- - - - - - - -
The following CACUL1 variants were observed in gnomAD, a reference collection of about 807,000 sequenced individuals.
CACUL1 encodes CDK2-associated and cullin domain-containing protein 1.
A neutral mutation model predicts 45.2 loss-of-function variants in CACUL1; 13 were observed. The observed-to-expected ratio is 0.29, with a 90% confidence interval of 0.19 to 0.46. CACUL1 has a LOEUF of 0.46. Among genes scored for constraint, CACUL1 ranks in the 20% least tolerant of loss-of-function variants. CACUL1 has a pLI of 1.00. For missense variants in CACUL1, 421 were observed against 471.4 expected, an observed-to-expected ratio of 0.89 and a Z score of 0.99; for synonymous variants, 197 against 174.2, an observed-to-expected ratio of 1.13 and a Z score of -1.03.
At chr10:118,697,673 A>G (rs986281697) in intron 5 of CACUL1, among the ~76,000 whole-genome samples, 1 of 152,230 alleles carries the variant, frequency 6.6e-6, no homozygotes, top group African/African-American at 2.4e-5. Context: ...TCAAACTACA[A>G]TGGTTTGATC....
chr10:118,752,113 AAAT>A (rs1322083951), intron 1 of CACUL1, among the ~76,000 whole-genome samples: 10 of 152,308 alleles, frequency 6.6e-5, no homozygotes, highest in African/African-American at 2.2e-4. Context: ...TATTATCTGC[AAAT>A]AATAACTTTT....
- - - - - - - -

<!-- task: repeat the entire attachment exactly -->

The following CACUL1 variants were observed in gnomAD, a reference collection of about 807,000 sequenced individuals.
CACUL1 encodes CDK2-associated and cullin domain-containing protein 1.
A neutral mutation model predicts 45.2 loss-of-function variants in CACUL1; 13 were observed. The observed-to-expected ratio is 0.29, with a 90% confidence interval of 0.19 to 0.46. CACUL1 has a LOEUF of 0.46. Among genes scored for constraint, CACUL1 ranks in the 20% least tolerant of loss-of-function variants. CACUL1 has a pLI of 1.00. For missense variants in CACUL1, 421 were observed against 471.4 expected, an observed-to-expected ratio of 0.89 and a Z score of 0.99; for synonymous variants, 197 against 174.2, an observed-to-expected ratio of 1.13 and a Z score of -1.03.
At chr10:118,697,673 A>G (rs986281697) in intron 5 of CACUL1, among the ~76,000 whole-genome samples, 1 of 152,230 alleles carries the variant, frequency 6.6e-6, no homozygotes, top group African/African-American at 2.4e-5. Context: ...TCAAACTACA[A>G]TGGTTTGATC....
chr10:118,752,113 AAAT>A (rs1322083951), intron 1 of CACUL1, among the ~76,000 whole-genome samples: 10 of 152,308 alleles, frequency 6.6e-5, no homozygotes, highest in African/African-American at 2.2e-4. Context: ...TATTATCTGC[AAAT>A]AATAACTTTT....